More articles by

Sarath Ramesh Kuniyl
Sarath Ramesh Kuniyl


Pottermore: Beyond books and films


“The scar had not pained Harry for nineteen years. All was well.” I stared blankly at my computer screen—the sense of loss was overwhelming. Death must be like this, I remember thinking then—you know it's coming but you hurtle towards it nevertheless. I never wanted the Harry Potter series to end, but I was devouring the pages of Harry Potter and the Deathly Hallows like there was no tomorrow.  The year was 2007 and I had just 'scrolled' to the last page of the last book of the Harry Potter series. Yes, scrolled, because, the wait for the printed edition would have killed me, and so, I had settled for an ebook. Better than a slow, painful death, I had decided.

It took me forever to come to terms with 'The End' of the series on the boy wizard. The films helped, of course, to ease the pain. But it was only a brief lull, as, four years later, the last of the films was about to hit the screens. Just as the Potterheads around the world, including me, were bracing themselves for the Harry Potter-shaped void in their lives, J.K. Rowling cast a 'Patronus'—Pottermore! The website was the author's way of giving “something back to the fans that have followed Harry so devotedly over the years, and to bring the stories to a new generation”.

Rowling started Pottermore in 2011 in partnership with Sony. She and the management team worked on it for two years with a UK digital agency, TH_NK. 

Only a select million fans were allowed access in the beginning. The site started off by selling ebooks (and boy, they did a good job—£1.5m-worth ebooks were sold in just three days!) and audio books, and satiating the basic desires of Potterheads, like joining the Hogwarts School of Witchcraft and Wizardry, getting sorted into the four houses and choosing your wand (rather, let the wand choose you) and brew potions. And there were exclusive tit-bits from Rowling. But most of it was centred on the first book—Harry Potter and the Philosopher's Stone—and soon the Potterheads, with their insatiable appetite like Crabbe and Goyle, started asking for more.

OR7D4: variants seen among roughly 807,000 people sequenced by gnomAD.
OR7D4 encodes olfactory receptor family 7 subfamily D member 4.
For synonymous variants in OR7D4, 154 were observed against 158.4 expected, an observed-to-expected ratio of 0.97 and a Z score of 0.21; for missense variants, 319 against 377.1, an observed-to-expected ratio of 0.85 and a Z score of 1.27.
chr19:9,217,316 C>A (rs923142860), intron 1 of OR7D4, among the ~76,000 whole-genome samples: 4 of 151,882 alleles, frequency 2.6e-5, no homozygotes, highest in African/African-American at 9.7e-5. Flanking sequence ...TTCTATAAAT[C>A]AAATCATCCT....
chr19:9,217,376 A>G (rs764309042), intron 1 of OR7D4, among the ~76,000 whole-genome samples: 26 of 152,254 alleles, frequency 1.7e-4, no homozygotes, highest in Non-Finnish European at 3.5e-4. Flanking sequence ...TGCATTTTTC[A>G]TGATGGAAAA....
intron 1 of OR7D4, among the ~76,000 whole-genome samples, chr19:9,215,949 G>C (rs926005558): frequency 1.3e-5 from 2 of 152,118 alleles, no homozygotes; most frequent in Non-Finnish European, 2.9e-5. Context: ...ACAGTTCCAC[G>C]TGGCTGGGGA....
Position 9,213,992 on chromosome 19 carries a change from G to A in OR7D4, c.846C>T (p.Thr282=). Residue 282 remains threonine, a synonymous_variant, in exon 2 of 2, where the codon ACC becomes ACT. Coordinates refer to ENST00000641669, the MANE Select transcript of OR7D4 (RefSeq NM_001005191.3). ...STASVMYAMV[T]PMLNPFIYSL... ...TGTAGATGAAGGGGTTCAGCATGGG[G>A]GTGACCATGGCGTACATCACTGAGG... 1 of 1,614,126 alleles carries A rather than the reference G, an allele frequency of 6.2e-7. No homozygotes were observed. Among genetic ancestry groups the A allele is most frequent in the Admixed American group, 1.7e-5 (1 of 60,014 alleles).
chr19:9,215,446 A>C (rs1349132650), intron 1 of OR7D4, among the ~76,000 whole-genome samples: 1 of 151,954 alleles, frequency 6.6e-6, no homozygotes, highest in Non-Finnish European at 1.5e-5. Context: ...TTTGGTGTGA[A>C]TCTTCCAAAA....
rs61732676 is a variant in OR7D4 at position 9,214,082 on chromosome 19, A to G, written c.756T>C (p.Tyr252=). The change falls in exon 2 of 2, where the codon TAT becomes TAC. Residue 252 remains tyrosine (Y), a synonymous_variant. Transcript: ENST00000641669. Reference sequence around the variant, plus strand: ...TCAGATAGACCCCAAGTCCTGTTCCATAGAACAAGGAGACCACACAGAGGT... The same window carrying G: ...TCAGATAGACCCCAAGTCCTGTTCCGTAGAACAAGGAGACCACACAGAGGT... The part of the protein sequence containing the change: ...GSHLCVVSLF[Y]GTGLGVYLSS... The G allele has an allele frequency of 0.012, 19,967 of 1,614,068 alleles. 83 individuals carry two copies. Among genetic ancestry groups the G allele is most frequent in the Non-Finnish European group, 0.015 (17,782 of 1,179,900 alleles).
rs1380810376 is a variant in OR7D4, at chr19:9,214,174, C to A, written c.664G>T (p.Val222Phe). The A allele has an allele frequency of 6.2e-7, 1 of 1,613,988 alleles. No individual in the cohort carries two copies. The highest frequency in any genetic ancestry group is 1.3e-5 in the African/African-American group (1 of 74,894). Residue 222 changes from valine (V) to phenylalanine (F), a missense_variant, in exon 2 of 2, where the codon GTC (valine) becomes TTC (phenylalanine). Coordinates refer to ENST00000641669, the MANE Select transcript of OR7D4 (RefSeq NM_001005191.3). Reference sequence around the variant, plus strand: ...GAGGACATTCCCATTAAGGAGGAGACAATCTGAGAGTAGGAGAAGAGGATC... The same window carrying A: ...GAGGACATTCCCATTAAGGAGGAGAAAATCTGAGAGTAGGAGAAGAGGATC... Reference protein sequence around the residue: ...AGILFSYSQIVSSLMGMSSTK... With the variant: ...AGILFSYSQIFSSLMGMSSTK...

Just as in Hogwarts, you could earn and lose points for your house on Pottermore. The House Cup was up for grabs. You could duel, brew potions and explore the subsequent books to win or lose points. The website realised the dreams of millions of Potterheads, who got a hands-on experience of the wizarding world, albeit virtual. Interactivity was the key. A click of the mouse here, a click there, ushered us into a magical realm. And there were illustrations, which, many of the Potterheads missed terribly in the seven books. Every year more chapters from the books were thrown open for the readers to explore.

Pottermore underwent a major revamp and was relaunched on September 22, 2015. The website offered, in its own words, “news, features, and articles as well as new and previously unreleased writing by J.K. Rowling.” A redesigned Sorting Ceremony was launched in January last year. And in September, Pottermore let us have what each Potterhead had always wanted—his or her own Patronus. (I remember getting a Basset Hound as my Patronus and feeling a bit let down!). 

The most defining contribution of Pottermore, however, has been the back stories and spin-off articles from the wizarding world, by Rowling. How else would we have known that Linfred of Stinchcombe was the first Potter, or that the first meeting between the Potters and the Dursleys was a disaster, or that the despicable Dolores Umbridge was a half-blood! Recently, we had Rowling exploring the wizarding schools around the world and the history of magic in North America, and the Wizarding World Book Club, where the Potterheads can “read, discuss and delve deeper into the Harry Potter stories, with anyone, anywhere”. 

Over the years, Pottermore has, indeed, become “the digital heart of the Wizarding World”—characters, creatures, spells, magical objects... you name it. The 'Patronus', which Rowling cast six years ago, continues to remind every Potterhead that the world of magic is just a click away.

This browser settings will not support to add bookmarks programmatically. Please press Ctrl+D or change settings to bookmark this page.
The Week

Topics : #Harry Potter

Related Reading